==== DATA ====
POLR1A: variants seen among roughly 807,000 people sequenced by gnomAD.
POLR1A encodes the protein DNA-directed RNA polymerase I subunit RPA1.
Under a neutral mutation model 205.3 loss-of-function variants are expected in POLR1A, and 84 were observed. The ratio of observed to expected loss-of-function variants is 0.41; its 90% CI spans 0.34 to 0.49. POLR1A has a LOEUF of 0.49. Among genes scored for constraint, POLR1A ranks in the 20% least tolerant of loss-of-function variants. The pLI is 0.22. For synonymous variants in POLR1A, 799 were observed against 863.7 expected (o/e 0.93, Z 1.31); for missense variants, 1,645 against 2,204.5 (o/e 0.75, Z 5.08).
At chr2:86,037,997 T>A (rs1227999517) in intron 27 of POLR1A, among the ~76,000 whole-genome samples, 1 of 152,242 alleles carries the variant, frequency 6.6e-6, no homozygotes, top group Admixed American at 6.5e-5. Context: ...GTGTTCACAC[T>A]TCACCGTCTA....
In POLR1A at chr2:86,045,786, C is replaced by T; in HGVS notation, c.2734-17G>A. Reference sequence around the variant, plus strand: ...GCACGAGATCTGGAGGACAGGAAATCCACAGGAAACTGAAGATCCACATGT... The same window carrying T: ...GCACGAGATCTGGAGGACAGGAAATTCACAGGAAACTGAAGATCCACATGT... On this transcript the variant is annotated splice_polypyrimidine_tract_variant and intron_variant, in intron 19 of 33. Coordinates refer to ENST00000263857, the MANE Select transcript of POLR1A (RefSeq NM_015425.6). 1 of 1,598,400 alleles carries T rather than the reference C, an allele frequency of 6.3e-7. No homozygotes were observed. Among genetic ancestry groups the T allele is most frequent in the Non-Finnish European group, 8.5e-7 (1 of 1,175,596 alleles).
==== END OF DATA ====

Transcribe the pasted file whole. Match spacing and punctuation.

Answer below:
POLR1A: variants seen among roughly 807,000 people sequenced by gnomAD.
POLR1A encodes the protein DNA-directed RNA polymerase I subunit RPA1.
Under a neutral mutation model 205.3 loss-of-function variants are expected in POLR1A, and 84 were observed. The ratio of observed to expected loss-of-function variants is 0.41; its 90% CI spans 0.34 to 0.49. POLR1A has a LOEUF of 0.49. Among genes scored for constraint, POLR1A ranks in the 20% least tolerant of loss-of-function variants. The pLI is 0.22. For synonymous variants in POLR1A, 799 were observed against 863.7 expected (o/e 0.93, Z 1.31); for missense variants, 1,645 against 2,204.5 (o/e 0.75, Z 5.08).
At chr2:86,037,997 T>A (rs1227999517) in intron 27 of POLR1A, among the ~76,000 whole-genome samples, 1 of 152,242 alleles carries the variant, frequency 6.6e-6, no homozygotes, top group Admixed American at 6.5e-5. Context: ...GTGTTCACAC[T>A]TCACCGTCTA....
In POLR1A at chr2:86,045,786, C is replaced by T; in HGVS notation, c.2734-17G>A. Reference sequence around the variant, plus strand: ...GCACGAGATCTGGAGGACAGGAAATCCACAGGAAACTGAAGATCCACATGT... The same window carrying T: ...GCACGAGATCTGGAGGACAGGAAATTCACAGGAAACTGAAGATCCACATGT... On this transcript the variant is annotated splice_polypyrimidine_tract_variant and intron_variant, in intron 19 of 33. Coordinates refer to ENST00000263857, the MANE Select transcript of POLR1A (RefSeq NM_015425.6). 1 of 1,598,400 alleles carries T rather than the reference C, an allele frequency of 6.3e-7. No homozygotes were observed. Among genetic ancestry groups the T allele is most frequent in the Non-Finnish European group, 8.5e-7 (1 of 1,175,596 alleles).